24 January

Pick a Day

24 JANUARY

In Music History

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2019 Weezer release The Teal Album, a collection of covers featuring their hit rendition of "Africa." Selections include "Take On Me," "No Scrubs" and "Billie Jean."

2016 Butch Trucks, co-founder and drummer of The Allman Brothers Band, dies at age 69 of a self-inflicted gunshot wound.

2015 INXS guitarist Tim Farriss severs the ring finger on his left hand while operating a winch on his boat. Doctors reattach the digit after two surgeries.

2012 Pete Townshend sells the publishing rights to the songs he has written to the Spirit Music Group, which plans to place more of his music in TV shows, movies and commercials. Townshend's catalog includes about 400 songs, most of which he wrote for The Who.

2009 Kings Of Leon play a fundraiser for the University of Chicago's Comer Children's Hospital at the House of Blues in Chicago. Despite the $150 ticket price, the show sells out.

2007 Randy Newman publishes the lyrics to his song "A Few Words in Defense of Our Country" in The New York Times as an editorial. In the song, he points out that George W. Bush isn't as bad as other world leaders from history, like King Leopold or Stalin.

2005 Country-pop singer Lynn Anderson is arrested for stealing a Harry Potter DVD from a supermarket in Taos, New Mexico, and then, allegedly, punching the arresting officer in the stomach.

2002 In San Antonio, Texas, Tex-Mex legend Freddy Fender receives a much-needed kidney transplant from his daughter, Marla Huerta Garcia.

2000 Crosby, Stills, Nash & Young open the first tour of the full quartet in 25 years with a show at Palace of Auburn Hills in Detroit, Michigan.

1989 Skid Row release their self-titled debut album. Two days later, they join Bon Jovi on the New Jersey Syndicate tour. The album, which includes "18 And Life" and "Youth Gone Wild," goes on to sell over 5 million copies in America.

1986 Singer/actor Gordon MacRae, who starred in the film versions of the musicals Oklahoma! and Carousel, dies of cancer and pneumonia at age 64.

1981 Aerosmith's Steven Tyler gets in a nasty motorcycle accident with his 17-year-old babysitter riding on the back. He spends the remainder of the year recovering, which delays the band's next album, Rock In A Hard Place.

1980 The Ants of Adam & The Ants leave to join Bow Wow Wow, whose manager, the punk godfather Malcolm McLaren, presents the offer. Adam Ant had paid McLaren £1000 for musical advice, for which he learned about African beats, but lost his band, which he quickly replaced.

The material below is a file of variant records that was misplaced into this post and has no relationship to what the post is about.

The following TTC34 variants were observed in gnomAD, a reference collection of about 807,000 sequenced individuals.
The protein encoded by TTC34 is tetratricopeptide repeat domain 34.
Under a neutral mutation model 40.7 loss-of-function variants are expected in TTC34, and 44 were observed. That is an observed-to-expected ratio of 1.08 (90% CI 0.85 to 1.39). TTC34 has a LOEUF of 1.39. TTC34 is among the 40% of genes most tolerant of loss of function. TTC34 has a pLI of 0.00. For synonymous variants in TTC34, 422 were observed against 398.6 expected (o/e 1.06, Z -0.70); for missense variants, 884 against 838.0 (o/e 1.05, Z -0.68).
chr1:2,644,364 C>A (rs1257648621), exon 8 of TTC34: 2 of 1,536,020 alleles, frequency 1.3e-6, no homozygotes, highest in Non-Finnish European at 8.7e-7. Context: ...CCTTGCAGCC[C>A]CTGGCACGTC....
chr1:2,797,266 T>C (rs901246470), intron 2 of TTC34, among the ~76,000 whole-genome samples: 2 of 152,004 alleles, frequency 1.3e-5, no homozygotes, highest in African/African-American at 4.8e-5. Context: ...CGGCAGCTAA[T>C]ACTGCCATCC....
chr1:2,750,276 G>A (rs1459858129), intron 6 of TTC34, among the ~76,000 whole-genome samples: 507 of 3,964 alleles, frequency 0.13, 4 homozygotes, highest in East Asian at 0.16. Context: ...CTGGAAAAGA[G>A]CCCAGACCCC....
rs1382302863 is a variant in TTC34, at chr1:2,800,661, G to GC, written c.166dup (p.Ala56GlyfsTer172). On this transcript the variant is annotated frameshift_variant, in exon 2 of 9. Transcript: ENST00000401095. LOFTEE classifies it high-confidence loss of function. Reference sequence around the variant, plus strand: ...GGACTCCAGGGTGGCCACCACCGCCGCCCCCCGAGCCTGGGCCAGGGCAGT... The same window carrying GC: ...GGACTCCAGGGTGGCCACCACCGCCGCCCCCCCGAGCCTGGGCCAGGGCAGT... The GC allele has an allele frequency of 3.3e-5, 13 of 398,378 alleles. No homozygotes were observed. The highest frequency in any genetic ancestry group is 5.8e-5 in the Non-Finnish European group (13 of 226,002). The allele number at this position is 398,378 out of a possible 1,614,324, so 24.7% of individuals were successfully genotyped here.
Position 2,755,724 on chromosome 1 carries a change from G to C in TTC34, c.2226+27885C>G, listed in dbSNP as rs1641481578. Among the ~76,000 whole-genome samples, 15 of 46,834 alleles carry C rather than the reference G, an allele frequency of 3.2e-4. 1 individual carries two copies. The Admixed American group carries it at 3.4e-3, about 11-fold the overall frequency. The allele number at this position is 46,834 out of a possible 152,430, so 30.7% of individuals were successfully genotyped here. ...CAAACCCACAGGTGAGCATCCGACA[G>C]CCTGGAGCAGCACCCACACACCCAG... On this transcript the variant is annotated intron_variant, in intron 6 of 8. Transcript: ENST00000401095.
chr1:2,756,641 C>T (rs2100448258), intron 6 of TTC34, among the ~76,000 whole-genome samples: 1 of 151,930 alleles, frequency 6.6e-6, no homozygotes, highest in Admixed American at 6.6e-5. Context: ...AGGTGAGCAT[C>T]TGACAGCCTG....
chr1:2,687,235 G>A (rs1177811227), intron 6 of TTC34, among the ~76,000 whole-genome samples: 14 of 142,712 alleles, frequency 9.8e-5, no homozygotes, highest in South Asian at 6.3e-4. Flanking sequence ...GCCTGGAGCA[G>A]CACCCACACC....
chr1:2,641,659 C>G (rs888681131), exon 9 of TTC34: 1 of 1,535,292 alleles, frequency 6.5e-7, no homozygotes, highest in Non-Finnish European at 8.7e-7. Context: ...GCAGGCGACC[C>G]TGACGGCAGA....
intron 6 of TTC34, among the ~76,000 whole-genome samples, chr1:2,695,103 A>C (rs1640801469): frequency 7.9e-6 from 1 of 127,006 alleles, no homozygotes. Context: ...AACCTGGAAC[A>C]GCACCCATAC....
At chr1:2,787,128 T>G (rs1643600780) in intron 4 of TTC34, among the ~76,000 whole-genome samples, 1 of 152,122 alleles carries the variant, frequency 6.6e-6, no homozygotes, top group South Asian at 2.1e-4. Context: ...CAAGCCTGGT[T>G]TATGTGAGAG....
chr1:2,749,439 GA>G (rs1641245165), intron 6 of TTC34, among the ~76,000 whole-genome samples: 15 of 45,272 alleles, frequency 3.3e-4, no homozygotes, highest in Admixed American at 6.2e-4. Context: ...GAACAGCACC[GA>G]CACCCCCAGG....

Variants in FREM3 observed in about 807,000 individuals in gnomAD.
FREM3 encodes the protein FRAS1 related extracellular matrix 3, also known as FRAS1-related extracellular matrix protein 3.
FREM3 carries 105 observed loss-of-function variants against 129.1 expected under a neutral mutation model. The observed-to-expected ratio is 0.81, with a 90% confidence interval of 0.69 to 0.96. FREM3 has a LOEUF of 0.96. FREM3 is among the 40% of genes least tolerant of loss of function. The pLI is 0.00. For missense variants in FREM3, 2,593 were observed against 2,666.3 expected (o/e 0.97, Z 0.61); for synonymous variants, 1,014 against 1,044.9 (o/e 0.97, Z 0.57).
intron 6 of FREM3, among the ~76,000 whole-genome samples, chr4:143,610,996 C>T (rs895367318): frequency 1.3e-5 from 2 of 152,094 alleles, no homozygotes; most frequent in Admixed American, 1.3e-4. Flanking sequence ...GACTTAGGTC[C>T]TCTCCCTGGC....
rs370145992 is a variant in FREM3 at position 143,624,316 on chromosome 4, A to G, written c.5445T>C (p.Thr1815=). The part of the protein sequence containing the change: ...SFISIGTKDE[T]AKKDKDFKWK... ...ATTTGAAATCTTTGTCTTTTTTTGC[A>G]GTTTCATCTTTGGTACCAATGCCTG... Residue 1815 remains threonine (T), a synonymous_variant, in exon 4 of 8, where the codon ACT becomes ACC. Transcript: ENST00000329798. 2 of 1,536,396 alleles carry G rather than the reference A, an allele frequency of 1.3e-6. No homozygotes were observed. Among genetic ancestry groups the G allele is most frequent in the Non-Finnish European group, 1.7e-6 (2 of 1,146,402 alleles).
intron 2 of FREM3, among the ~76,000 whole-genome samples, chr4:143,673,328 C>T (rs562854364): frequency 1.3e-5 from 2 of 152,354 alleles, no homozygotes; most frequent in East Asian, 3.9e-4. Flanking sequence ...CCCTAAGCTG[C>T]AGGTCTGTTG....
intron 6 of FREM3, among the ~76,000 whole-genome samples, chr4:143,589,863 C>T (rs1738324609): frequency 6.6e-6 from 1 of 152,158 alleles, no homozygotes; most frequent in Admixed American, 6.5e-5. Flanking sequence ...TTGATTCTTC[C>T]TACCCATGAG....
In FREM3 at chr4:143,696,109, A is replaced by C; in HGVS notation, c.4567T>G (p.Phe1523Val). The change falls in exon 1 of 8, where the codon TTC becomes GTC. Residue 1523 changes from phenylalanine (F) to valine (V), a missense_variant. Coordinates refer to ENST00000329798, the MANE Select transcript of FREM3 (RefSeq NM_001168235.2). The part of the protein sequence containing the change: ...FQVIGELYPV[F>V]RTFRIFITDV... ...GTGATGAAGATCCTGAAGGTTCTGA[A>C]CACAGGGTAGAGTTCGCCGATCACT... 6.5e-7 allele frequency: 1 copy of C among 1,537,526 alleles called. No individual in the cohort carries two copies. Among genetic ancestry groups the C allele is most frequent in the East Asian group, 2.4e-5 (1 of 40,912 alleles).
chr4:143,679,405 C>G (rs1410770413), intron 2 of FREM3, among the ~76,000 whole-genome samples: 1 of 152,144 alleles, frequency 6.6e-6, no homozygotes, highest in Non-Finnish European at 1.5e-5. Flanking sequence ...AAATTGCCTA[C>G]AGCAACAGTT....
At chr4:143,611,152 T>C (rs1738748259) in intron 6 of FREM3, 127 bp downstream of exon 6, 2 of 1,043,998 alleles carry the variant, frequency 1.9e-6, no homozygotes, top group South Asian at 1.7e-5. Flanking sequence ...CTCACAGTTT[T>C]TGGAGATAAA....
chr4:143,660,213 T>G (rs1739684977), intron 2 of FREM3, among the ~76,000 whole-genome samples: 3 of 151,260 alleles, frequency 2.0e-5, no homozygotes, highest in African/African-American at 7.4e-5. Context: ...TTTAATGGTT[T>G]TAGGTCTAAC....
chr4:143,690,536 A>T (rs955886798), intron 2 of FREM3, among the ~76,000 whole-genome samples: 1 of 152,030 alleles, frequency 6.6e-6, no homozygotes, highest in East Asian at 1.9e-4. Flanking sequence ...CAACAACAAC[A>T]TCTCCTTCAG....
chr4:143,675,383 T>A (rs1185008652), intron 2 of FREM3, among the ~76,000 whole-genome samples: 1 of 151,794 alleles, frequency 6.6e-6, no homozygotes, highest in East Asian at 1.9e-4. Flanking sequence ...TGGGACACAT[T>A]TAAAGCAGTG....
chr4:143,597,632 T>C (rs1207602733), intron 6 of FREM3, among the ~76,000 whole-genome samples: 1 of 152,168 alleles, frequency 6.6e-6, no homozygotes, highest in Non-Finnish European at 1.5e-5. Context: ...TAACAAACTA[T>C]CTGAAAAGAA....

1980 Clever marketing: Pink Floyd advertise their upcoming world tour to promote their album The Wall with a special billboard on Los Angeles' Sunset Strip that is gradually covered up each day with a brick until an entire wall is built over it.

1976 Diana Ross's "Theme From Mahogany (Do You Know Where You're Going To)" hits #1 in America.

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Aretha Franklin Gets The Muscle Shoals Sound And Her First Hit

1967

Aretha Franklin records her first Top 10 pop hit, "(I Never Loved A Man) The Way That I Love You," at a tumultuous session at FAME Studios in Muscle Shoals, Alabama where her husband gets into an altercation with one of the musicians.

Franklin, recently signed to Atlantic Records after only middling success in six years recording for Columbia, heads to Muscle Shoals at the behest of her producer, Jerry Wexler, a bigwig at the label. The sleepy Alabama town has a way of keeping artists on point and bringing out their best, and the musicians are top-tier. This session is far from sleepy though, and Aretha's husband/manager Ted White exchanges words with trumpet player Ken Laxton and ends up getting in an altercation with the studio owner. After the session Aretha and her husband leave, and she never returns to Muscle Shoals. The sound she got during this fateful session is exactly what Wexler is looking for, and the key to making Aretha the superstar she is destined to be. Since Franklin won't go to Muscle Shoals, he instead brings the musicians to her, flying them up to New York City to finish the album. These guys become her backing band for her next three albums, each time flying to New York on Atlantic's dime to record with Franklin. These recordings make Franklin one of the biggest stars of the '60s, and when word gets out that she's doing it with musicians from Muscle Shoals, many artists book time to work with them at FAME and later Muscle Shoals Sound Studios. When the artist arrive, they are often shocked to discover that Aretha's backing band is white.

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